Every year, millions of people are treated in emergency departments across the country for fall injuries. In fact, the fall is the most visited center of trauma at all ages. A fall can put you at risk for serious injury and can be a sign of another health problem.
Here are some simple tips to prevent falls, especially in your home.
The emergency services of the Mayo Clinic treat patients every day who have been injured by falls.
“You can see things as simple as small cuts, bruises and bruises, from broken bones to big head injuries, where you’re bleeding to your brain. There can be several injuries,” says Dr. Neha Raukar, a physician. Mayo Clinic emergencies.
Many of these falls occur at home, and here are some easy things you can do to prevent them. Start by reviewing any medications you are taking with your healthcare team.
“Every time someone receives a medication, they try to find out what the side effects are, especially if they affect your balance or your ability to stay awake,” says Dr. Raukar.
Be aware of any medical conditions that may make you more prone to falls.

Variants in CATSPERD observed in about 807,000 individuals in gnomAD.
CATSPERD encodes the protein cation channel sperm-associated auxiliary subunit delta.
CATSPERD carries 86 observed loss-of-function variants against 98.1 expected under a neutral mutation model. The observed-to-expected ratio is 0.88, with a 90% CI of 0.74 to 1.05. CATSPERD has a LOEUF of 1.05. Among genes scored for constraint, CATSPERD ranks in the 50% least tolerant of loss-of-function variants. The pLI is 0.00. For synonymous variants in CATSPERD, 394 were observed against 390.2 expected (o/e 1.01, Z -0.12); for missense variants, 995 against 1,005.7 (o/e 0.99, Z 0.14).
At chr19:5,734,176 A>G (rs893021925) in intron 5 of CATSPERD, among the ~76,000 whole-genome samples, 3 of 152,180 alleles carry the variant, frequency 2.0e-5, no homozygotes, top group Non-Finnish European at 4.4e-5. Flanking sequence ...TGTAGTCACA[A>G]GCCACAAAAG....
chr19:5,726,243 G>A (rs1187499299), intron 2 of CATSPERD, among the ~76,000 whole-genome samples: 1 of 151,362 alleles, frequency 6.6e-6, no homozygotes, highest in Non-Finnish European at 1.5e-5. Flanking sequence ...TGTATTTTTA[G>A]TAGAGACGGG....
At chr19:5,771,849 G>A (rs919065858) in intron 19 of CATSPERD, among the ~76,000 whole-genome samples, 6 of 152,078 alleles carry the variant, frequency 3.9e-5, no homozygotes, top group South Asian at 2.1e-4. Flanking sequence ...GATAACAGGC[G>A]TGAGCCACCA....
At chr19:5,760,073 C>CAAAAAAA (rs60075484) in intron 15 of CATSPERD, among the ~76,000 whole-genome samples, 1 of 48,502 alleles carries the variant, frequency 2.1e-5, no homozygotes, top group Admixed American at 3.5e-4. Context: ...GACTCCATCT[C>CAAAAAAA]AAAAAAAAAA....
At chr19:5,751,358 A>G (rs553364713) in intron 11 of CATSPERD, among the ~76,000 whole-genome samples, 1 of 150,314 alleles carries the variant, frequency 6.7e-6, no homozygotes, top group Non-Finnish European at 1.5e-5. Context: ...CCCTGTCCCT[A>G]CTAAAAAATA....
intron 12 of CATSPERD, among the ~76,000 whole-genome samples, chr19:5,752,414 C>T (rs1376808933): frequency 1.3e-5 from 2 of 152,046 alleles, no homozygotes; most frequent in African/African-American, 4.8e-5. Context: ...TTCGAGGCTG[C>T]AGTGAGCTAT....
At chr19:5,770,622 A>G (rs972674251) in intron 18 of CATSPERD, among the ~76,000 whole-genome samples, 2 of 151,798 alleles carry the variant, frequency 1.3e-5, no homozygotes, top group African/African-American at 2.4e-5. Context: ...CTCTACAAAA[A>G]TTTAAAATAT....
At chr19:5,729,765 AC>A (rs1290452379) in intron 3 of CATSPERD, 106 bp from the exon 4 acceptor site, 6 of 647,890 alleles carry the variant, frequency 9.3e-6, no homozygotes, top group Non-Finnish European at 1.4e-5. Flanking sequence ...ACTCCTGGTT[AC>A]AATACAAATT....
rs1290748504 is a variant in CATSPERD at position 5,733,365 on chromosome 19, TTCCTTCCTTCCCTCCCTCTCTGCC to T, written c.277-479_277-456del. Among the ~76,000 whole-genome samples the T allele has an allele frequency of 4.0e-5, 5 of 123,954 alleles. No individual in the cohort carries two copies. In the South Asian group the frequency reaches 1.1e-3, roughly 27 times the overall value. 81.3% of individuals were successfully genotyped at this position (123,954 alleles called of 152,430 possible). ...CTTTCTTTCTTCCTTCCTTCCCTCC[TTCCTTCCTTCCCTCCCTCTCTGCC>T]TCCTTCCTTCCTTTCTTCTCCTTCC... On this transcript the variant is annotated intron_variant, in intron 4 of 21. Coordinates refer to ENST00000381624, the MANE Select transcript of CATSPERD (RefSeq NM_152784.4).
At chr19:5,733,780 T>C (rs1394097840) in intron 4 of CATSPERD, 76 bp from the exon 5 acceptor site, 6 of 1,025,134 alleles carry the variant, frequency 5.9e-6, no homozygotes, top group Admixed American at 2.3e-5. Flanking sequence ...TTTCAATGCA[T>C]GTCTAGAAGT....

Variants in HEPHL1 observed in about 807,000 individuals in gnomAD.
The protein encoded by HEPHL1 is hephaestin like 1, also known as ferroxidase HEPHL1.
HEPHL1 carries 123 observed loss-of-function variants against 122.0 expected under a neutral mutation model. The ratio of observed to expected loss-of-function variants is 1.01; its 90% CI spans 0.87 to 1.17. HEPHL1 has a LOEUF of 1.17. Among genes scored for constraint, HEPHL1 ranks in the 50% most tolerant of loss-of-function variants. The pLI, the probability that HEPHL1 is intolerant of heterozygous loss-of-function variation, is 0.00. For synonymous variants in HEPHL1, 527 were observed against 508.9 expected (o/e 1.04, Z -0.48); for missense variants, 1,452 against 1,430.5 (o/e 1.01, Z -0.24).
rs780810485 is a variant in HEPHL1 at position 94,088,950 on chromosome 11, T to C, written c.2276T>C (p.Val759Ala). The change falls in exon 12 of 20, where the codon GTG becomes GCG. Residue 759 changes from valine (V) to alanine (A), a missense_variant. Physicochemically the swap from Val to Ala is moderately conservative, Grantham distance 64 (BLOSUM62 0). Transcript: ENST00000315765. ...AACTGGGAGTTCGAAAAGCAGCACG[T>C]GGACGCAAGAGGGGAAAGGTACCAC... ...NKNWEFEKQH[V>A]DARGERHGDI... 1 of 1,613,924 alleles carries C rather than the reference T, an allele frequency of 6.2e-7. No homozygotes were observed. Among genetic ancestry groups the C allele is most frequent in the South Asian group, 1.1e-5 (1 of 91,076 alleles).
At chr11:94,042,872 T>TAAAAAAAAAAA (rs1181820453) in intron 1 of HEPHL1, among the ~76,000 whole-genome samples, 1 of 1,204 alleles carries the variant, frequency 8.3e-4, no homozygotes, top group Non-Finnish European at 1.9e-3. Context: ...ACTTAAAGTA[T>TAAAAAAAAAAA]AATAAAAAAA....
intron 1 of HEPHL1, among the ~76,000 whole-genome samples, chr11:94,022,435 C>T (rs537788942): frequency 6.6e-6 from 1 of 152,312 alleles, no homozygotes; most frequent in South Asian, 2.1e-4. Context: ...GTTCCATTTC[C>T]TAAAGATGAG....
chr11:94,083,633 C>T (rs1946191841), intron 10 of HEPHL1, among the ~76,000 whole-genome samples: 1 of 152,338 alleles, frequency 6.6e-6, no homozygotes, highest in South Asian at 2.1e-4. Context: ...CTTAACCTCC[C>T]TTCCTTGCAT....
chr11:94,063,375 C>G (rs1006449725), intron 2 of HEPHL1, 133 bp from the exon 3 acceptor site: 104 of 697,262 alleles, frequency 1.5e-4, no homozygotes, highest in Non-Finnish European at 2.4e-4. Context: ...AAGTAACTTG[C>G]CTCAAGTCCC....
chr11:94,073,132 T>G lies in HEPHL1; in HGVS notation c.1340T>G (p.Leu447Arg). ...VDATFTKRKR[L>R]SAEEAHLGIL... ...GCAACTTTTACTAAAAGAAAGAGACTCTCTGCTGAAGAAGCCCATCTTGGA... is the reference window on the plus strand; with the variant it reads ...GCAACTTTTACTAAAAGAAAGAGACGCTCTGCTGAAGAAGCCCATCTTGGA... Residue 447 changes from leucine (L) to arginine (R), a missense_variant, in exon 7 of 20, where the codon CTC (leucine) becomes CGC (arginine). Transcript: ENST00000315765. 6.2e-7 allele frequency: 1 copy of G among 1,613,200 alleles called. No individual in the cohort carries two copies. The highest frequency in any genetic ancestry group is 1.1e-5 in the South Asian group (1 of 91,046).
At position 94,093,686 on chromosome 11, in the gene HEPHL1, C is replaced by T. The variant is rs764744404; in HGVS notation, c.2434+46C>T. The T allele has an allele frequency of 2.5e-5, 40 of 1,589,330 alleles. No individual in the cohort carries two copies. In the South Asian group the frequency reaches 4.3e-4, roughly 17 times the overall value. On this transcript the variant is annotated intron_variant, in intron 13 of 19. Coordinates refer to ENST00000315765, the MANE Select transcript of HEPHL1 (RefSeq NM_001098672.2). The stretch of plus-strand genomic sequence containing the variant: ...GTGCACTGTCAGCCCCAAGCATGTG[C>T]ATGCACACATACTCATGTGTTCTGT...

“Things like diabetes can cause neuropathy, where you can’t really feel your feet. And so if you can’t feel your feet and you’re walking, you can’t really know if your surface is uneven,” says Dr. . Raukar.
Other in-house tips:
• Wear sensitive shoes instead of slippery socks, high heels or flip flops.
• Eliminate clutter and the danger of tripping over high traffic areas.
• Secure loose carpets with duct tape or non-slip backing.
• Keep your home well lit and place night lights in bedrooms, bathrooms, and hallways.
• Use an assistive device, such as a walker or walking stick, if necessary.
• If you have pets, be aware that they may be on your feet.
“It’s not uncommon to see people who have stumbled upon their dog or cat while they are trying to get out of the way,” says Dr. Raukar.
Stay physically active to avoid future falls. Gentle exercise, such as walking or tai chi, improves strength, balance, coordination, and flexibility. And report all your falls to your healthcare team, even if they seem trivial.
“Sometimes it means something else is going on that needs to be investigated,” says Dr. Raukar.
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